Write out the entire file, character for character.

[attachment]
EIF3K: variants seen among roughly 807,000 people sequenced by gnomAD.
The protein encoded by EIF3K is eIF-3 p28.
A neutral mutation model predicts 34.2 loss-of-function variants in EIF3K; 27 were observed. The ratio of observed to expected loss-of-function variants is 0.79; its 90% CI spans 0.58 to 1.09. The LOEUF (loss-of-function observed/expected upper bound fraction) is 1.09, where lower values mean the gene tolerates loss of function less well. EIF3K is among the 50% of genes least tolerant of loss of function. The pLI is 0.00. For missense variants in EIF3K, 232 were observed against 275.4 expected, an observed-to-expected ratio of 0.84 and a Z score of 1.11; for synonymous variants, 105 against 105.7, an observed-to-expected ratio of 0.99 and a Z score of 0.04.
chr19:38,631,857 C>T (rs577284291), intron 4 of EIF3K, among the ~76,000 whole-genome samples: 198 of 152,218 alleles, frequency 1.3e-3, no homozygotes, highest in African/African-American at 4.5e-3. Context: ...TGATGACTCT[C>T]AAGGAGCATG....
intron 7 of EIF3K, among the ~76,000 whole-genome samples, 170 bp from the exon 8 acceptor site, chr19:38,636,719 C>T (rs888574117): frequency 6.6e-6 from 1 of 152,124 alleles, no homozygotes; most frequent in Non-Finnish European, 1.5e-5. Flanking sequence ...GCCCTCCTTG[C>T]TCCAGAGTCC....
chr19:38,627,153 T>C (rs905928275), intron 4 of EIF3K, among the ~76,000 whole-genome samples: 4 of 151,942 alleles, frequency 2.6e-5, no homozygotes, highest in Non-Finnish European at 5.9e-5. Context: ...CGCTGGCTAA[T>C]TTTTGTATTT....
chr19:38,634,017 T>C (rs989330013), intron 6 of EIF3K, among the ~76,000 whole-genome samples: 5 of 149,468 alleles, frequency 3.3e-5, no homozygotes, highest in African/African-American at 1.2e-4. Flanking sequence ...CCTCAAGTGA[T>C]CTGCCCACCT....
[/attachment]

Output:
EIF3K: variants seen among roughly 807,000 people sequenced by gnomAD.
The protein encoded by EIF3K is eIF-3 p28.
A neutral mutation model predicts 34.2 loss-of-function variants in EIF3K; 27 were observed. The ratio of observed to expected loss-of-function variants is 0.79; its 90% CI spans 0.58 to 1.09. The LOEUF (loss-of-function observed/expected upper bound fraction) is 1.09, where lower values mean the gene tolerates loss of function less well. EIF3K is among the 50% of genes least tolerant of loss of function. The pLI is 0.00. For missense variants in EIF3K, 232 were observed against 275.4 expected, an observed-to-expected ratio of 0.84 and a Z score of 1.11; for synonymous variants, 105 against 105.7, an observed-to-expected ratio of 0.99 and a Z score of 0.04.
chr19:38,631,857 C>T (rs577284291), intron 4 of EIF3K, among the ~76,000 whole-genome samples: 198 of 152,218 alleles, frequency 1.3e-3, no homozygotes, highest in African/African-American at 4.5e-3. Context: ...TGATGACTCT[C>T]AAGGAGCATG....
intron 7 of EIF3K, among the ~76,000 whole-genome samples, 170 bp from the exon 8 acceptor site, chr19:38,636,719 C>T (rs888574117): frequency 6.6e-6 from 1 of 152,124 alleles, no homozygotes; most frequent in Non-Finnish European, 1.5e-5. Flanking sequence ...GCCCTCCTTG[C>T]TCCAGAGTCC....
chr19:38,627,153 T>C (rs905928275), intron 4 of EIF3K, among the ~76,000 whole-genome samples: 4 of 151,942 alleles, frequency 2.6e-5, no homozygotes, highest in Non-Finnish European at 5.9e-5. Context: ...CGCTGGCTAA[T>C]TTTTGTATTT....
chr19:38,634,017 T>C (rs989330013), intron 6 of EIF3K, among the ~76,000 whole-genome samples: 5 of 149,468 alleles, frequency 3.3e-5, no homozygotes, highest in African/African-American at 1.2e-4. Flanking sequence ...CCTCAAGTGA[T>C]CTGCCCACCT....